Representatives for the workers negotiate with employers and if their demands aren’t met,

workers go on strike, and stop production altogether. Although unions were once very

strong in the US, union membership and their strength has declined since the 1950s.

At their height, approximately 1 in 3 American workers were in a labor union. These days it's more like 1 in 9,

and the largest unions represent workers in the public sector, like teachers and firefighters.

Wages might also not be at equilibrium when there is a minimum wage -- basically a price

floor that prevents employers from paying workers below a specific amount.

Technically, in the US, minimum wage affects less than 3% of workers.

But the Brookings Institution estimates that an increase in the minimum wage likely wouldn’t

just impact that small slice of the labor market. It would also drive up the wages of

people who make just above the minimum wage. According to Brookings, that ripple effect

could raise the wages of nearly 30% of the workforce.

The debate over whether or not there should be a minimum wage, and how high that minimum

wage should be, gets pretty heated pretty fast.

Some classical economists argue against nearly all forms of government manipulation in competitive markets.

They say the minimum wage not only leads to unemployment, but it actually hurts the people it claims to help.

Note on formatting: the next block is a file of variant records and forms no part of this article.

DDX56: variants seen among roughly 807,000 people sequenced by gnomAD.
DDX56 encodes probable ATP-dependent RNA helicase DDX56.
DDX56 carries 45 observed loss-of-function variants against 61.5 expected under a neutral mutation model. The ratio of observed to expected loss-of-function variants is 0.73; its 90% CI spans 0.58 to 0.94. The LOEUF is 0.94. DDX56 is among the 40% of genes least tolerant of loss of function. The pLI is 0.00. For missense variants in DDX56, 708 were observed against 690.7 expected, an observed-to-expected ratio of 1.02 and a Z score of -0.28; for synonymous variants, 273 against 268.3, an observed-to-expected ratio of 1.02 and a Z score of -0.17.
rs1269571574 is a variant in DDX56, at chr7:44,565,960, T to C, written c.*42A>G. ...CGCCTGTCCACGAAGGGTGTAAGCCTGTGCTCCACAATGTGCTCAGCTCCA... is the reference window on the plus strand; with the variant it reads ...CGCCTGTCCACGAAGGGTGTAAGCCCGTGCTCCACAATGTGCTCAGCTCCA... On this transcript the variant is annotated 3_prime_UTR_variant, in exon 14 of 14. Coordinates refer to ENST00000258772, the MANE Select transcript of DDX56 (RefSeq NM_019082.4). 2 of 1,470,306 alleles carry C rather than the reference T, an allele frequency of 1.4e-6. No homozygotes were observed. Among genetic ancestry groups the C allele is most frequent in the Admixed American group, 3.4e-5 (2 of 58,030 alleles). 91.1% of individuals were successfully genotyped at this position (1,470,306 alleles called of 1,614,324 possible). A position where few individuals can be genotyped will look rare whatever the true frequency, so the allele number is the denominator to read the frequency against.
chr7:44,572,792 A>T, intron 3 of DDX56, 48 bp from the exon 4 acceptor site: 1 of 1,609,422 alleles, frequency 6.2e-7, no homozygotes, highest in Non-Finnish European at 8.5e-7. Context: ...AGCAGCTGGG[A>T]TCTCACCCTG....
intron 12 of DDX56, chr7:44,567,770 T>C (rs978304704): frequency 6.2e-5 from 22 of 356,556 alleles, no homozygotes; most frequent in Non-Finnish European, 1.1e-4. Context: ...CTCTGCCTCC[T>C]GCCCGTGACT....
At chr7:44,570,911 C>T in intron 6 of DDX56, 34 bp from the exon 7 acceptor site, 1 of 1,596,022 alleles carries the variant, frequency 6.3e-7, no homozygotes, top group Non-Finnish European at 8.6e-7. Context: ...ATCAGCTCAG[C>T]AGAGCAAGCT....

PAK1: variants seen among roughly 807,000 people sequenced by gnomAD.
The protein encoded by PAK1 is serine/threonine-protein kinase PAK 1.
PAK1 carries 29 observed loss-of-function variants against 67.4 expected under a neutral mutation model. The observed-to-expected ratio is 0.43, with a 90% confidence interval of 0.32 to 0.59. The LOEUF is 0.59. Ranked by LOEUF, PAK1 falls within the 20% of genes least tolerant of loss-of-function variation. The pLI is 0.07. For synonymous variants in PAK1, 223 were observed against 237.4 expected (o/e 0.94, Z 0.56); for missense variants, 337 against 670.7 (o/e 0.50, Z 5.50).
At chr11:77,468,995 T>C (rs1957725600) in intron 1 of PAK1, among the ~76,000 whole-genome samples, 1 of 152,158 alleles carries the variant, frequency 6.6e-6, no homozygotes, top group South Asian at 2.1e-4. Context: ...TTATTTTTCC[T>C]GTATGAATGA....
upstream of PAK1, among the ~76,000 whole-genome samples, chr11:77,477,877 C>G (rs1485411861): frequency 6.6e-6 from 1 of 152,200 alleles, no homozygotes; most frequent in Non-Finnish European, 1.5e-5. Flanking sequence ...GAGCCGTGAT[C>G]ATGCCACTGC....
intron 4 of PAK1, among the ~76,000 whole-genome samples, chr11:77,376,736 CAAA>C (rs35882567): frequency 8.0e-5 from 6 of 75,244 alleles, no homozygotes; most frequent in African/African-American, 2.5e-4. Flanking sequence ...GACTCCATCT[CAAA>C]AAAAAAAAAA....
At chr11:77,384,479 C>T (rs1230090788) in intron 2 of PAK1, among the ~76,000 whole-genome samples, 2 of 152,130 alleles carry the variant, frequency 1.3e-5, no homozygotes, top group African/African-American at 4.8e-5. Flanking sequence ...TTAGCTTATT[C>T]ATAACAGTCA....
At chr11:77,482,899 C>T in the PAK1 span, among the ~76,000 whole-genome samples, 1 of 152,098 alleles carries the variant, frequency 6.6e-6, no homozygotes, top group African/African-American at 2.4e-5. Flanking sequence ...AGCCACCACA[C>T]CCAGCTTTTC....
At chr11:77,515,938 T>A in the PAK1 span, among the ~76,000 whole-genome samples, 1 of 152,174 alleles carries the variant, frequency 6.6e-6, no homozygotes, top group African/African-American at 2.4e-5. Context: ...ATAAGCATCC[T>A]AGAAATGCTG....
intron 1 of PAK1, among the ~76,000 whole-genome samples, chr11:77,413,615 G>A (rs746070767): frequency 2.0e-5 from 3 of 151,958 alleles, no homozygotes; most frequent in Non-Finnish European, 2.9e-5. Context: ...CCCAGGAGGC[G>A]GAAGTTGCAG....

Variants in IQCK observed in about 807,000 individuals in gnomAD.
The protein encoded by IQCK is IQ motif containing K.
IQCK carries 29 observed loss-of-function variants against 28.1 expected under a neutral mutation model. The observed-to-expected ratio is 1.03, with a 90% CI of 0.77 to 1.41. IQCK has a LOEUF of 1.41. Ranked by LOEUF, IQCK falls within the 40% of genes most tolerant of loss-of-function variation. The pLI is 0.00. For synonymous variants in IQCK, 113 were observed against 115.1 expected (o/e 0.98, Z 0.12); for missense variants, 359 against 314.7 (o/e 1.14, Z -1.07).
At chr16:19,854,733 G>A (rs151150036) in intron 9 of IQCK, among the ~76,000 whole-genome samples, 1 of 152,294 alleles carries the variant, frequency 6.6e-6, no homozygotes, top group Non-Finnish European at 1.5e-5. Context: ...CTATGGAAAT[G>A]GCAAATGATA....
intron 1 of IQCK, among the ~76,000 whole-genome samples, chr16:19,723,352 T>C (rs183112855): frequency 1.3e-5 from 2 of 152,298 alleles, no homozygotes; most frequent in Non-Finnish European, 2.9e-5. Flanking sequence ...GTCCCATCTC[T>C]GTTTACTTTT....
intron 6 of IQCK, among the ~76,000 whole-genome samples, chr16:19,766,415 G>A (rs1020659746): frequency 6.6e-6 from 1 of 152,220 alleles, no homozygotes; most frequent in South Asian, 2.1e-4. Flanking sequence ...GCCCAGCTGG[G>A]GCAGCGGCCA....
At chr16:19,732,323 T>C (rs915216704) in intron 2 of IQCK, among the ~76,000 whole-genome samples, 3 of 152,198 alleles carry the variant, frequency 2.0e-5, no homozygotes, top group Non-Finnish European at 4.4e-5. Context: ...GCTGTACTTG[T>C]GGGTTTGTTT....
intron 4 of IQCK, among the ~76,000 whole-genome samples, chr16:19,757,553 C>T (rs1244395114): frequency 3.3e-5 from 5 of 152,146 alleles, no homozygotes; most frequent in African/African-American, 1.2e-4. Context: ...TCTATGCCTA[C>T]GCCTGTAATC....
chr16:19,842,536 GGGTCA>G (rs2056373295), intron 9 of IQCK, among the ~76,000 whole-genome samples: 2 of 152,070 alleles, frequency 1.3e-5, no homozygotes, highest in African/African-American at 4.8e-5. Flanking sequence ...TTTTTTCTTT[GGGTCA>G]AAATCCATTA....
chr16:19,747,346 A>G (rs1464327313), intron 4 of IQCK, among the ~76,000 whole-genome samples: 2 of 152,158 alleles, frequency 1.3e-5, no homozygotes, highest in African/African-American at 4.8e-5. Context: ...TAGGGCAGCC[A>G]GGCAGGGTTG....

Their logic goes something like this: A minimum wage deters employers from hiring unskilled workers,

hiring only skilled or semi-skilled workers instead. These economists argue that minimum wage

does little or nothing to alleviate poverty, since instead of earning a minimum wage, unskilled

workers end up earning no wage at all.

The economists that support a minimum wage argue that real life labor markets aren’t as competitive

or transparent as classical economists suggest. They believe that employers have the upper hand

when it comes to negotiating wages and that individual workers lack bargaining power.

I’m not going to tell you what to think, but think about it like this: if a grocery

store wasn’t required to pay $7.25 an hour, and the grocery store was the only place hiring,

they could likely squeeze individual employees to accepting lower than market value. In this interpretation,

minimum wage isn’t interfering with competitive markets, as much as it’s correcting a market failure.

Remember anti-trust laws that prevent powerful monopolies from charging higher prices? Economists

that support minimum wage laws say they prevent employers from using their power to exploit workers.

The economists who are entirely opposed to minimum wage laws are losing the policy battle.

Most countries around the world have minimum wage laws, and many of those countries without

them have de facto minimum wages, set by collective bargaining agreements.

But even among economists who support some sort of minimum wage, there’s disagreement